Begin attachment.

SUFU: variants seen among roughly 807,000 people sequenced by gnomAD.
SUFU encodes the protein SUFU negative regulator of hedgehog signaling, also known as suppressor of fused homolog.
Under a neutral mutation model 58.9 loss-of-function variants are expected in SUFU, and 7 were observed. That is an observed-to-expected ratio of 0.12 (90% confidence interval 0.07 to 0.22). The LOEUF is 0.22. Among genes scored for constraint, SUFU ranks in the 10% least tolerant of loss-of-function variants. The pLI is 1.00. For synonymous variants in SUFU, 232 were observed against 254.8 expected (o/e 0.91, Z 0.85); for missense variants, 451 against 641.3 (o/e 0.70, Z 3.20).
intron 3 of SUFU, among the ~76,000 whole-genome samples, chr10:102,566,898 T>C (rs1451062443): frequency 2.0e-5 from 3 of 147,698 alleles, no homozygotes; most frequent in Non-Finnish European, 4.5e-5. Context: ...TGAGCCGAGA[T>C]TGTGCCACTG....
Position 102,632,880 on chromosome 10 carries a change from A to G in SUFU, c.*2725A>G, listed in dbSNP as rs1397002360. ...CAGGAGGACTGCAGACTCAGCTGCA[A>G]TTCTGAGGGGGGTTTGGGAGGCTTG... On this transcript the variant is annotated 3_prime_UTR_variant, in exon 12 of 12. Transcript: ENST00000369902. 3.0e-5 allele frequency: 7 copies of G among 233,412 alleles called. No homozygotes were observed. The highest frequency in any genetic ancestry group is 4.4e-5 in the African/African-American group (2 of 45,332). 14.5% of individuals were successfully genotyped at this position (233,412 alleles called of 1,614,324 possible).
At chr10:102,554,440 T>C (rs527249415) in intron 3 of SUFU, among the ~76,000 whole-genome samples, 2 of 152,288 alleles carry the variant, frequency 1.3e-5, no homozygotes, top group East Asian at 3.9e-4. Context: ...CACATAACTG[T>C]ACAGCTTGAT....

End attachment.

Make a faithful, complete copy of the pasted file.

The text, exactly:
SUFU: variants seen among roughly 807,000 people sequenced by gnomAD.
SUFU encodes the protein SUFU negative regulator of hedgehog signaling, also known as suppressor of fused homolog.
Under a neutral mutation model 58.9 loss-of-function variants are expected in SUFU, and 7 were observed. That is an observed-to-expected ratio of 0.12 (90% confidence interval 0.07 to 0.22). The LOEUF is 0.22. Among genes scored for constraint, SUFU ranks in the 10% least tolerant of loss-of-function variants. The pLI is 1.00. For synonymous variants in SUFU, 232 were observed against 254.8 expected (o/e 0.91, Z 0.85); for missense variants, 451 against 641.3 (o/e 0.70, Z 3.20).
intron 3 of SUFU, among the ~76,000 whole-genome samples, chr10:102,566,898 T>C (rs1451062443): frequency 2.0e-5 from 3 of 147,698 alleles, no homozygotes; most frequent in Non-Finnish European, 4.5e-5. Context: ...TGAGCCGAGA[T>C]TGTGCCACTG....
Position 102,632,880 on chromosome 10 carries a change from A to G in SUFU, c.*2725A>G, listed in dbSNP as rs1397002360. ...CAGGAGGACTGCAGACTCAGCTGCA[A>G]TTCTGAGGGGGGTTTGGGAGGCTTG... On this transcript the variant is annotated 3_prime_UTR_variant, in exon 12 of 12. Transcript: ENST00000369902. 3.0e-5 allele frequency: 7 copies of G among 233,412 alleles called. No homozygotes were observed. The highest frequency in any genetic ancestry group is 4.4e-5 in the African/African-American group (2 of 45,332). 14.5% of individuals were successfully genotyped at this position (233,412 alleles called of 1,614,324 possible).
At chr10:102,554,440 T>C (rs527249415) in intron 3 of SUFU, among the ~76,000 whole-genome samples, 2 of 152,288 alleles carry the variant, frequency 1.3e-5, no homozygotes, top group East Asian at 3.9e-4. Context: ...CACATAACTG[T>C]ACAGCTTGAT....